High School Or College Student

Responding to Writing

In this workshop, Pam, Kelli, and Chris focused on sequenced response and peer review, response to the expressed needs of writers, connections between purpose and audience for both writer and respondent, and features of responding to writing in online environments.

Response to writing is an essential part of the process of writing in all disciplines for all writers, from students to professionals. From scientists to creative writers, historians to mathematicians, all of us and our students need response (AKA “feedback”) to what we have written in order to help us develop our ideas and make our writing effective in reaching our readers.

Questions the workshop will consider:

As teachers and mentors, how can we make our responses most timely and most meaningful to our students toward achieving their writing goals?

As writers, how can we get the feedback most useful to meeting our own writing goals?

How can we help writers maintain ownership of their writing, while also helping them improve the quality of what they write?

How can we help our students become effective responders themselves to the writing of peers and other writers?

How can we as responders become more aware of and respectful of cultural and linguistic diversity?

How can technological tools, especially in online instruction, improve response while also helping to build a community of learners and writers?

How can we adapt response to the increasing variety of genres, purposes, styles, and media in communication?

In this interactive workshop, Pam, Kelli, and Chris will give short presentations to address the above questions—with focus on sequenced response and peer review, response to the expressed needs of writers, connections between purpose and audience for both writer and respondent, and features of responding to writing in online environments.

Participants will then engage in breakout groups to help each person develop response strategies pertinent to their own teaching and writing.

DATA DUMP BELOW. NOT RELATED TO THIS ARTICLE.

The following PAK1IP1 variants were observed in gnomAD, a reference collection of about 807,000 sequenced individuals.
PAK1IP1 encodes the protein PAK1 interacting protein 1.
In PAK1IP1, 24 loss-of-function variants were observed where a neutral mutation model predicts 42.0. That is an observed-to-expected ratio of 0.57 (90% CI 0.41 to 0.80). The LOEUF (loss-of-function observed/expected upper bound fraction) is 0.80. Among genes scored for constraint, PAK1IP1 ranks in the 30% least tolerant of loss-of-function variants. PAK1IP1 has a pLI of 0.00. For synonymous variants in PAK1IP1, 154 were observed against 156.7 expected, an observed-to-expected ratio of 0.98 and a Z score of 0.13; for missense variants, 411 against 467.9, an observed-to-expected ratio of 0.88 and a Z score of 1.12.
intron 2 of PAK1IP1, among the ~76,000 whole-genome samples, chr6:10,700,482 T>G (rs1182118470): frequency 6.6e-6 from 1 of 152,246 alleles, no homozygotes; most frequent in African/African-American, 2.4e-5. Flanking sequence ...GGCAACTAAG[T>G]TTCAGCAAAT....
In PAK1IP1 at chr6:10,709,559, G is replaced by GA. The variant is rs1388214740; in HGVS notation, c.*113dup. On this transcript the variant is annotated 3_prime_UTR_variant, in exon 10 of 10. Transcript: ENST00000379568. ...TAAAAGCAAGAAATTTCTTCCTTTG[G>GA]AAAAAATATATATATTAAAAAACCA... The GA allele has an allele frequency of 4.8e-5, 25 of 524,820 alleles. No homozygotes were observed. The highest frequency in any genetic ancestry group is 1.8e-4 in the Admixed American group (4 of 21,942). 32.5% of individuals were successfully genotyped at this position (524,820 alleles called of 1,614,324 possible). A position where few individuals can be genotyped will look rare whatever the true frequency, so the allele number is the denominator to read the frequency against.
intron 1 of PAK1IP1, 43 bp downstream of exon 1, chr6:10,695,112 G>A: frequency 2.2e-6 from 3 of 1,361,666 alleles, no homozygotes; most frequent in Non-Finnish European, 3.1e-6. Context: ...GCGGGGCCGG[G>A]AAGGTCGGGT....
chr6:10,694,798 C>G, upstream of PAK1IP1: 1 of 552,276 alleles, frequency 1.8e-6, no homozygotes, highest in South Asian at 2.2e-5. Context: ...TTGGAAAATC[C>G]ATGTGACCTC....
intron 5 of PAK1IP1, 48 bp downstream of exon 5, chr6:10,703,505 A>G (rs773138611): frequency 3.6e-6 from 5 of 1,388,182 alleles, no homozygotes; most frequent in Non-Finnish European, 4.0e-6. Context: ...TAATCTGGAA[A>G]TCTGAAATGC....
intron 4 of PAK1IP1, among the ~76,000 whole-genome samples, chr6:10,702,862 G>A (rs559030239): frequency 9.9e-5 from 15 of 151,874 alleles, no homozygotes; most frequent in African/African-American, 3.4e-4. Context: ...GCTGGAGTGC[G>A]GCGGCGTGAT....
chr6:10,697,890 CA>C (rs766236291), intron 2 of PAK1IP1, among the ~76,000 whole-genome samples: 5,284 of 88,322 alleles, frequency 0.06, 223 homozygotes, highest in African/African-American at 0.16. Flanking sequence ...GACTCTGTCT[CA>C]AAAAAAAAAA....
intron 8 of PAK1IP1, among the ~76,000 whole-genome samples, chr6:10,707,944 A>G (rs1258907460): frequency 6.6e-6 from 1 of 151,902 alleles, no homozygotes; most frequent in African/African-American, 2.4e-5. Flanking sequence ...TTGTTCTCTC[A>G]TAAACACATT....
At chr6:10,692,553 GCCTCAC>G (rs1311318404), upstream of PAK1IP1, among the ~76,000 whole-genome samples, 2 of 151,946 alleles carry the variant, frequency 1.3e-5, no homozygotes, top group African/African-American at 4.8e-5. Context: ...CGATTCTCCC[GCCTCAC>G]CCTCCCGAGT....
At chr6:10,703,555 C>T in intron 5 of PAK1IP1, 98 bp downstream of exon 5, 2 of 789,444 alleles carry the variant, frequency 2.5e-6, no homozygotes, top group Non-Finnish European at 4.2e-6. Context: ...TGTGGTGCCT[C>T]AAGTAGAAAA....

Presenter Bios

Chris Thaiss served as Clark Kerr Presidential Chair and Director of the UC Davis University Writing Program and directed Davis’s Center for Excellence in Teaching and Learning (until 2015). A teacher of writing for four decades, he is the author or editor of 14 books, including his most recent, Writing Science in the Twenty-First Century (Broadview, 2019) and the 4th edition of A Short History of Writing Instruction: From Ancient Greece to the Modern United States (with James J. Murphy; Routledge, 2020).

Pam Childers directed the WAC-based writing center at McCallie School (TN) as Caldwell Chair of Composition and currently serves as Executive Editor of The Clearing House. Her decades of teaching writing at all academic levels and directing wac-based writing centers have inspired her collaborative work on four books, including WAC Partnerships Between Secondary and Postsecondary Institutions (with Jacob Blumner, 2016), and hundreds of chapters, columns, and articles. Her current research focuses on the pedagogy of former writing center directors.

Kelli Cargile Cook is a Professor and Founding Chair of the Professional Communication Department at Texas Tech University. She co-edited two collections on online education in technical communication: Online Education 2.0: Evolving, Adapting, and Reinventing Online Technical Communication (2013) and Online Education: Global Questions, Local Answers (2005). Her online education scholarship has also appeared in Technical Communication Quarterly and Business Communication Quarterly.

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Moving WAC to the Web: Using GSOLE OLI to Create Resources for Online Writing Across Disciplines

This virtual workshop was offered on October 15, 2019 by the AWAC Mentoring Committee in collaboration with the Global Society of Online Literacy Educators (GSOLE) and was led by AWAC Mentoring Committee members Amy Cicchino (Auburn University) and Lindsay Clark (Sam Houston State University) and by Traci Austin (Sam Houston State University).

This workshop explored how GSOLE’s “Online Literacy Instruction Principles and Tenets” can frame online literacy instruction across disciplinary contexts. By focusing especially on the first principle—accessibility—the webinar leaders engaged administrators and instructors in a process of linking principle to practice. More specifically, the webinar leaders described their own experiences with developing accessible online course materials, which involved using Blackboard Ally. Then, participants were invited to share their experiences and to collaboratively respond to a course design scenario. This webinar thus responded to a gap between national documents and local practice and focuses on how to develop local practices to support the first principle, accessibility.